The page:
HANOI, Vietnam (AP) - A famous Zen master has accused Vietnam's
communist government of hiring mobs of people to violently evict
his Buddhist followers from two monasteries.
Thich Nhat Hanh, who helped popularize Buddhism in the West and
has sold millions of books worldwide, has also called on Vietnam to
lift restrictions on religious freedom and respect human rights.
Nhat Hanh made the comments in a letter to his Vietnamese
followers in late December, days after they were pressured by a mob
and government authorities to leave the Phuoc Hue temple in the
southern province of Lam Dong.
"Our country does not yet have true religious freedom, and the
government tightly controls the Buddhist Church machinery," Nhat
Hanh wrote in the letter, a copy of which was obtained by The
Associated Press on Monday. "The Buddhist Church is helpless,
unable to protect its own children. This is a truth clearly seen by
The monks and nuns had sought refuge at Phuoc Hue after being
forced from the nearby Bat Nha monastery on Sept. 27.
"In the case of Bat Nha and Phuoc Hue, government officials
hired the mobs and worked together with them," Nhat Hanh wrote in
the letter, dated "the last days of 2009."
At a news conference Monday, Vietnamese officials denied Nhat
"This is a dispute between two Buddhist factions," said Nguyen
Ngoc Dong, vice chairman of the Lam Dong provincial government.
"We have tried our best to ensure safety and social order for the
The tensions in Lam Dong were the result of disagreements
between Nhat Hanh's followers and Duc Nghi, the abbot at Bat Nha
and member of the official Buddhist Church, said Nguyen Thanh Xuan,
chairman of Vietnam's central Committee on Religious Affairs.
But Nhat Hanh's followers say they have been harassed because
their teacher called on Vietnamese authorities to abolish
government control of religion during a 2007 meeting with President
Nguyen Minh Triet.
Asked about that accusation Monday, Trung did not directly
respond. Nor did he say why the government had not allowed Nhat
Hanh's followers to worship together in another location, as some
local representatives of the Vietnamese Buddhist Church have
In his letter to his followers, Nhat Hanh said the mobs at Phuoc
Hue and Bat Nha were hired by police and the Fatherland Front, a
communist party organization. At Phuoc Hue, they were paid 200,000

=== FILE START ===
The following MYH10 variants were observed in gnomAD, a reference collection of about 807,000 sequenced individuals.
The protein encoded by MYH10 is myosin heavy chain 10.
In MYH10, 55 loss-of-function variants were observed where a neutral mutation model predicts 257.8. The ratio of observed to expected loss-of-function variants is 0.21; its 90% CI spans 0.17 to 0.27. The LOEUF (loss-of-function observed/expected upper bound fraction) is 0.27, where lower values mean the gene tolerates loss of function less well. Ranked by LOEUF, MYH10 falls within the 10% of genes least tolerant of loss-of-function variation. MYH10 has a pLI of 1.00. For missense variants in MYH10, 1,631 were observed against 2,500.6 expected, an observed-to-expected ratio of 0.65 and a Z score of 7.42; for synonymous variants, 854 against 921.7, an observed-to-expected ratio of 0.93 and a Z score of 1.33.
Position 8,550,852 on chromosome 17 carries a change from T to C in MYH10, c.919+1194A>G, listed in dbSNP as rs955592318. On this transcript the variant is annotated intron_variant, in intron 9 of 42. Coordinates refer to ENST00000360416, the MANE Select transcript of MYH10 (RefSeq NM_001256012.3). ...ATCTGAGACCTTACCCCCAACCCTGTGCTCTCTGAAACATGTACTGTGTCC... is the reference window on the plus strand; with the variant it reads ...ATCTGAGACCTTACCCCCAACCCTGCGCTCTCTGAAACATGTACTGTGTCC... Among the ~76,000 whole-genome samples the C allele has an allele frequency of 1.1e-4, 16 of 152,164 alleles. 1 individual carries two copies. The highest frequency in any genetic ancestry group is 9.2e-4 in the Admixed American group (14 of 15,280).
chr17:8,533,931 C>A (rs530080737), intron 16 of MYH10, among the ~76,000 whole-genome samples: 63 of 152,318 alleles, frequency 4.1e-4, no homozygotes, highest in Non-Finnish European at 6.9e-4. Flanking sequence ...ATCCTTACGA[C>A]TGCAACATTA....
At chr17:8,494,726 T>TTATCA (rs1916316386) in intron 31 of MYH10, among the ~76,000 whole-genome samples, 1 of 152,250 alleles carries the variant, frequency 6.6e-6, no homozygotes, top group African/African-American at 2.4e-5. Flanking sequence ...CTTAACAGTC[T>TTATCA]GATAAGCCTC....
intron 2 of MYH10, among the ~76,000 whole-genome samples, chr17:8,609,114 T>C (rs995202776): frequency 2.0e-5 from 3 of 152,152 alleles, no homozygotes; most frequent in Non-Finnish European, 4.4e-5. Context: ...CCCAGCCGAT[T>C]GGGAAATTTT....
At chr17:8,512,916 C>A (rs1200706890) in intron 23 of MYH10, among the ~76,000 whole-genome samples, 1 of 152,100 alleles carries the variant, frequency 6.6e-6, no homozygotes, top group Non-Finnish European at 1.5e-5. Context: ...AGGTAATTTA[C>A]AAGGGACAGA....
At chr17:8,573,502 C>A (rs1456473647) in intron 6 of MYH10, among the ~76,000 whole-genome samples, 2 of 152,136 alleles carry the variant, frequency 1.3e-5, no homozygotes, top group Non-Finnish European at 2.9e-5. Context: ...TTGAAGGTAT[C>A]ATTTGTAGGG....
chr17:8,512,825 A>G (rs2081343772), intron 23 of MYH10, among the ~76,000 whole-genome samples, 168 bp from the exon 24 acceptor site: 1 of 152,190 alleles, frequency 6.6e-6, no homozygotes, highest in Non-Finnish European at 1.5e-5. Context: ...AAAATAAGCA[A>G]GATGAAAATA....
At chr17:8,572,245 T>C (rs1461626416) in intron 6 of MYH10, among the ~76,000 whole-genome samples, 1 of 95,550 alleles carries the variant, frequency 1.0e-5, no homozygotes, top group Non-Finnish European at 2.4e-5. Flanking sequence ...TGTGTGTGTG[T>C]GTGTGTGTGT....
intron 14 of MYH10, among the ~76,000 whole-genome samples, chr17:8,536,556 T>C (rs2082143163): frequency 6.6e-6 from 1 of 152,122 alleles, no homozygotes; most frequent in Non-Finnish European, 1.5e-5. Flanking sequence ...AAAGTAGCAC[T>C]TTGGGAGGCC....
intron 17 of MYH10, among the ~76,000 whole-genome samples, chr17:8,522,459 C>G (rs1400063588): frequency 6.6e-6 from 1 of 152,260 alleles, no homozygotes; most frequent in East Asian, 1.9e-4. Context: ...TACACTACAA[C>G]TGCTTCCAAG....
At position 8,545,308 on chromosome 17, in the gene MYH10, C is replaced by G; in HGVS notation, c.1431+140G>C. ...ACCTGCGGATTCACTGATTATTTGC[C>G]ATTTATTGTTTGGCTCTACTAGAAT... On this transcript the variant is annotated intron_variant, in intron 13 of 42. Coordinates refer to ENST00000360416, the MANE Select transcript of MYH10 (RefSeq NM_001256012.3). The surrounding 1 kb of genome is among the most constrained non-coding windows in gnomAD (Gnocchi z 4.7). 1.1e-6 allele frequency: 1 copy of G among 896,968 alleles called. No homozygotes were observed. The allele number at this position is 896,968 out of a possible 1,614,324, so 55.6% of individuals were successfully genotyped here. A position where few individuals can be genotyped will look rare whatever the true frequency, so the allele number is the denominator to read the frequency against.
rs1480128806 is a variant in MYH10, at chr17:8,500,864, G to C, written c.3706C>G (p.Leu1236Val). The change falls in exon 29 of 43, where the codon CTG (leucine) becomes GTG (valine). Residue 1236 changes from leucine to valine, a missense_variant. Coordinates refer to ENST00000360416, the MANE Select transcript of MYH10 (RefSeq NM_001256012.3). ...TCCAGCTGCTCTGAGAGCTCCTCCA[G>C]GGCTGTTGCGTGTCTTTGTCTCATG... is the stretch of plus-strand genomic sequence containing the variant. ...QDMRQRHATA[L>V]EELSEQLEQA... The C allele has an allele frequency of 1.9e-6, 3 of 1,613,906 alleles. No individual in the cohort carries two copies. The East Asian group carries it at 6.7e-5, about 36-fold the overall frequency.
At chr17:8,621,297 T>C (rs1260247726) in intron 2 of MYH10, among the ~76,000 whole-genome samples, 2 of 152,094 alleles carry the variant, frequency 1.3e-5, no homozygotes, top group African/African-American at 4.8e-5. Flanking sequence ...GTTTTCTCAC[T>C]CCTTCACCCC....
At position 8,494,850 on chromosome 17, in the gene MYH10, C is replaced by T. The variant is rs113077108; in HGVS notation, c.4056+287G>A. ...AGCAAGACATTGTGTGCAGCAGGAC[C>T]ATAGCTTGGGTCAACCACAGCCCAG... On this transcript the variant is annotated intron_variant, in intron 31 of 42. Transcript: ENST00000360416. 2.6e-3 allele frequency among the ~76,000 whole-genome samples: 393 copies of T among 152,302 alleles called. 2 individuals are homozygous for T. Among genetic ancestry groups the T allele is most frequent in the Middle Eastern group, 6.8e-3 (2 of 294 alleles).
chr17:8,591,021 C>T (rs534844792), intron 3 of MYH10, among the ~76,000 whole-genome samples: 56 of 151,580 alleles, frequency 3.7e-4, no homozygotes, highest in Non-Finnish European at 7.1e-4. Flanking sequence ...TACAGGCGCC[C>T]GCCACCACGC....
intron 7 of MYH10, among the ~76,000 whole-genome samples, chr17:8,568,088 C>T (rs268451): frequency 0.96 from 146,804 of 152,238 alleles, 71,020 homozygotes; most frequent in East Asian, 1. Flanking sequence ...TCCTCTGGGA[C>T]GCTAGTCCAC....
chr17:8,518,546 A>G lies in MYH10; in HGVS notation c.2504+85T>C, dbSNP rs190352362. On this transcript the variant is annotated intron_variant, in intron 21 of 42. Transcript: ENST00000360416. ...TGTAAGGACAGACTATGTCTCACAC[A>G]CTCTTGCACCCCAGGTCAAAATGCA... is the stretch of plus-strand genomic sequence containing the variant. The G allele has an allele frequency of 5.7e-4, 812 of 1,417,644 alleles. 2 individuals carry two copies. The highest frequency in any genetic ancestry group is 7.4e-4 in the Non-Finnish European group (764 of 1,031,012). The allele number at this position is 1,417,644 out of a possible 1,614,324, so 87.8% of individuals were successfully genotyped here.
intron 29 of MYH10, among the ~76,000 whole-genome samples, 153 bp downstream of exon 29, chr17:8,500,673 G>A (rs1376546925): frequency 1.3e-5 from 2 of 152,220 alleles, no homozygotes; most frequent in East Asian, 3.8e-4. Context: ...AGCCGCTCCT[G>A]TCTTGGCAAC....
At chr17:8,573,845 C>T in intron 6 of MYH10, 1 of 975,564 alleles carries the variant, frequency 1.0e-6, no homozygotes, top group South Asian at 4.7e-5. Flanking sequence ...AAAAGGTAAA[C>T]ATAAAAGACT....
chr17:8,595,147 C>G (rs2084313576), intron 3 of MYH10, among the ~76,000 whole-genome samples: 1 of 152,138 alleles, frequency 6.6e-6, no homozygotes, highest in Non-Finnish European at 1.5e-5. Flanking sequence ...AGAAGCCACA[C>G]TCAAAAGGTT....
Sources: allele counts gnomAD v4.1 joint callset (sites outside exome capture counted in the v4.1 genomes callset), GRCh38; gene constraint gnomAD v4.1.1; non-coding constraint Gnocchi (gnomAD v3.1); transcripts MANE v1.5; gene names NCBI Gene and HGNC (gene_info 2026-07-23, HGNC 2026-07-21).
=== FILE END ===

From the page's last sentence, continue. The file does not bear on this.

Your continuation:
Vietnamese dong ($11) a day, he wrote.
"Where did the money come from to pay these mobs? Was it tax
money?" asked Nhat Hanh, 83, who was born in Vietnam but has lived
in exile for more than four decades. He now teaches at his Plum
Village monastery in France.
Since the dispute between Nhat Hanh's followers and the
government erupted in late June, Nhat Hanh has maintained a low
profile. He wrote one previous letter praising his followers for
remaining peaceful throughout the conflict.
He did so again in the new letter, saying they had followed the
example of India's Mohandas Gandhi, who pioneered the concept of
They remained calm, Nhat Hanh wrote, even though some of their
senior monks were "dragged, throttled, choked and thrown into cars
as if they were trash cans."
The conflict between the government and Nhat Hanh marks a
dramatic turnaround from 2005, when Nhat Hanh returned to his
homeland, a move seen by many as a step forward for religious
freedom in the communist country.
In spite of the Bat Nha conflict, Nhat Hanh said in his letter
that he believes Vietnam will eventually open up its society. Young
Vietnamese, he wrote, "realize that Vietnam needs more democracy,
more citizen rights and more human rights."
Xuan of the Committee on Religious Affairs said Nhat Hanh had
"turned his back" on invitations to sit down and meet with
Vietnamese officials to discuss the conflict at Bat Nha. If the two
sides had talked, Xuan said, they might have worked out their
Nhat Hanh's followers say he turned down an invitation to meet
with Vietnam's vice foreign minister in Paris last fall because the
session was scheduled while Nhat Hanh was on a long-planned trip to
the United States.
They say their attempts to schedule a meeting at another time